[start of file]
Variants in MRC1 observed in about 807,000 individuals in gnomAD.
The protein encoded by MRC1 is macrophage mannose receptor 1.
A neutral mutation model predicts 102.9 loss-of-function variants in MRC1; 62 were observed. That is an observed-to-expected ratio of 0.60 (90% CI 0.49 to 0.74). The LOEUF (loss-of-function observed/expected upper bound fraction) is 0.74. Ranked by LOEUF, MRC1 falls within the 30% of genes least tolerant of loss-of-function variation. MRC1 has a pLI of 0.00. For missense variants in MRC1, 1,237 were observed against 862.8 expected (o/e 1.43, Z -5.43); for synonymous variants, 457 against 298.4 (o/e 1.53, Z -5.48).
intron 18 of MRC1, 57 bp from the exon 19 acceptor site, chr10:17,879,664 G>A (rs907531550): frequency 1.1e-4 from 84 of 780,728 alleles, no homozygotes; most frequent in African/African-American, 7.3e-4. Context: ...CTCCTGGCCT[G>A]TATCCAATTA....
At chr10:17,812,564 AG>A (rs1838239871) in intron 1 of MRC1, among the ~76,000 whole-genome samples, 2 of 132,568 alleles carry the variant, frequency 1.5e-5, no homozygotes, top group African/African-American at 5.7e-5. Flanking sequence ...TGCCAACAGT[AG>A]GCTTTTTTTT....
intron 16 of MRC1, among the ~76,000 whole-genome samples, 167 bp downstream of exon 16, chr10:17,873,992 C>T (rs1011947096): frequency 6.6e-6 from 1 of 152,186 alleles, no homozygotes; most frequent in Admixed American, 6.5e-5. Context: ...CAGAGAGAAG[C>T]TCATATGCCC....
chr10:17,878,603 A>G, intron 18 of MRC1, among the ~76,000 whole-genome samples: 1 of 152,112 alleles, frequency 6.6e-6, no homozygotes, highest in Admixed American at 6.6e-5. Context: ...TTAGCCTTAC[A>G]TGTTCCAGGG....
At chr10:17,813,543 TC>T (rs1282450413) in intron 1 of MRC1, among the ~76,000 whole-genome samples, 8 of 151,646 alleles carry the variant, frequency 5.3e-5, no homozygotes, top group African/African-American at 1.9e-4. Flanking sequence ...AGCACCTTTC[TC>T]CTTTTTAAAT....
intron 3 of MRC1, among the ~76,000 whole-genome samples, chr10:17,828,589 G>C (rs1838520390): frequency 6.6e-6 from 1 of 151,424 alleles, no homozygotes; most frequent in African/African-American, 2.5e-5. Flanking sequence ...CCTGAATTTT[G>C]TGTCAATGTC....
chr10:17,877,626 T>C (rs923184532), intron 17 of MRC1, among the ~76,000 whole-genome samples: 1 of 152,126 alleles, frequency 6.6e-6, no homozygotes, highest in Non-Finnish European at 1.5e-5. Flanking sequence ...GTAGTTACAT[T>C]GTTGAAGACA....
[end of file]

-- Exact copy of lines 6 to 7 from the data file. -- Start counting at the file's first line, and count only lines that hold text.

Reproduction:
intron 16 of MRC1, among the ~76,000 whole-genome samples, 167 bp downstream of exon 16, chr10:17,873,992 C>T (rs1011947096): frequency 6.6e-6 from 1 of 152,186 alleles, no homozygotes; most frequent in Admixed American, 6.5e-5. Context: ...CAGAGAGAAG[C>T]TCATATGCCC....
chr10:17,878,603 A>G, intron 18 of MRC1, among the ~76,000 whole-genome samples: 1 of 152,112 alleles, frequency 6.6e-6, no homozygotes, highest in Admixed American at 6.6e-5. Context: ...TTAGCCTTAC[A>G]TGTTCCAGGG....